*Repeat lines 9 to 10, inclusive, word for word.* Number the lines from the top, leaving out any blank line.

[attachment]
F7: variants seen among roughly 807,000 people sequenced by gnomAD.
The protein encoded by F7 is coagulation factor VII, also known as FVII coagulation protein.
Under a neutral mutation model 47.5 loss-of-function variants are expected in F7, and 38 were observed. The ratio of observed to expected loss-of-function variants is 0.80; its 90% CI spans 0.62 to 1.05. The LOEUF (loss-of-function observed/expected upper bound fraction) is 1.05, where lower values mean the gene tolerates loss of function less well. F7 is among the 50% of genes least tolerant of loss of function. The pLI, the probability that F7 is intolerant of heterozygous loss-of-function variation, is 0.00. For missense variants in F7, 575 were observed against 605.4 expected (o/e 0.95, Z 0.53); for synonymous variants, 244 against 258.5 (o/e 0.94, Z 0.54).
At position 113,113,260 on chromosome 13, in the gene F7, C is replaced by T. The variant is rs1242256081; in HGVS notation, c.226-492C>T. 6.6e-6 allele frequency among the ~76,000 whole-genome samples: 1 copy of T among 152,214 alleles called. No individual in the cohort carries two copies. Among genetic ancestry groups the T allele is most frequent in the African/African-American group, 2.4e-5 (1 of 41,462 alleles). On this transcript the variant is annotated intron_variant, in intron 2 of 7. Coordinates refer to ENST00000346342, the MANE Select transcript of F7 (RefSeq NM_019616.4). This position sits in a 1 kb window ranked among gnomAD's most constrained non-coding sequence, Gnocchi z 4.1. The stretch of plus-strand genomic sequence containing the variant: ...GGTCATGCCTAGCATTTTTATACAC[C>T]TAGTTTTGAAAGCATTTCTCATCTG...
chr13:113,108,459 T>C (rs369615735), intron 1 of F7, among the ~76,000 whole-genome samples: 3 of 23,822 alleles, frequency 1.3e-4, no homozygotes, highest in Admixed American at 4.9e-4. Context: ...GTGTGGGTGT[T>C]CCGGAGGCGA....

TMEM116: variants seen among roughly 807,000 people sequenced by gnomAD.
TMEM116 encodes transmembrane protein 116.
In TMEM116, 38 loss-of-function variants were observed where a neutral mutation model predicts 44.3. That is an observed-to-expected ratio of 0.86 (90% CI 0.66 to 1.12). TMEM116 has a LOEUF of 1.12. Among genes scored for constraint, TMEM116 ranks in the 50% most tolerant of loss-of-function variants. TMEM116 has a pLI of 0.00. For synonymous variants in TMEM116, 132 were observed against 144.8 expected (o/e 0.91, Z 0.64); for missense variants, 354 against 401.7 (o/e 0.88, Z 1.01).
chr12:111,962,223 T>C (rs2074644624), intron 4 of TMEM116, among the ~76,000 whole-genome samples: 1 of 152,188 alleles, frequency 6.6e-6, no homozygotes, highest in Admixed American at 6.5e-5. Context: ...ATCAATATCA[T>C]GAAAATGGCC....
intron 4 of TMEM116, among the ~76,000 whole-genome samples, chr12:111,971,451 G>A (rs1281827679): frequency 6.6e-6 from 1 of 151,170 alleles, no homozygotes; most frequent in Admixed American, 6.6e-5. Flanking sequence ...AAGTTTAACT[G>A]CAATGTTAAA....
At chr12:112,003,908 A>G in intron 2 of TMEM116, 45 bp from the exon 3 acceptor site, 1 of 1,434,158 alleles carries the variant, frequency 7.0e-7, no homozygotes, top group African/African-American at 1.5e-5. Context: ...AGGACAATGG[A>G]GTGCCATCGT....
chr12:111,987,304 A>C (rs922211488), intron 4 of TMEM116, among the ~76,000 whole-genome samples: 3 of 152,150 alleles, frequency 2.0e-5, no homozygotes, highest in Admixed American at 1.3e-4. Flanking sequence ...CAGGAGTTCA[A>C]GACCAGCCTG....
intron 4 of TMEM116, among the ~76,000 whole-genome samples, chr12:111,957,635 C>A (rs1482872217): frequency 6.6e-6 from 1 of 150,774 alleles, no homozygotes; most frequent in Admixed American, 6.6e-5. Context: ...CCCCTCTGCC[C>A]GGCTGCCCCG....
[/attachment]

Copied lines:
chr12:111,962,223 T>C (rs2074644624), intron 4 of TMEM116, among the ~76,000 whole-genome samples: 1 of 152,188 alleles, frequency 6.6e-6, no homozygotes, highest in Admixed American at 6.5e-5. Context: ...ATCAATATCA[T>C]GAAAATGGCC....
intron 4 of TMEM116, among the ~76,000 whole-genome samples, chr12:111,971,451 G>A (rs1281827679): frequency 6.6e-6 from 1 of 151,170 alleles, no homozygotes; most frequent in Admixed American, 6.6e-5. Flanking sequence ...AAGTTTAACT[G>A]CAATGTTAAA....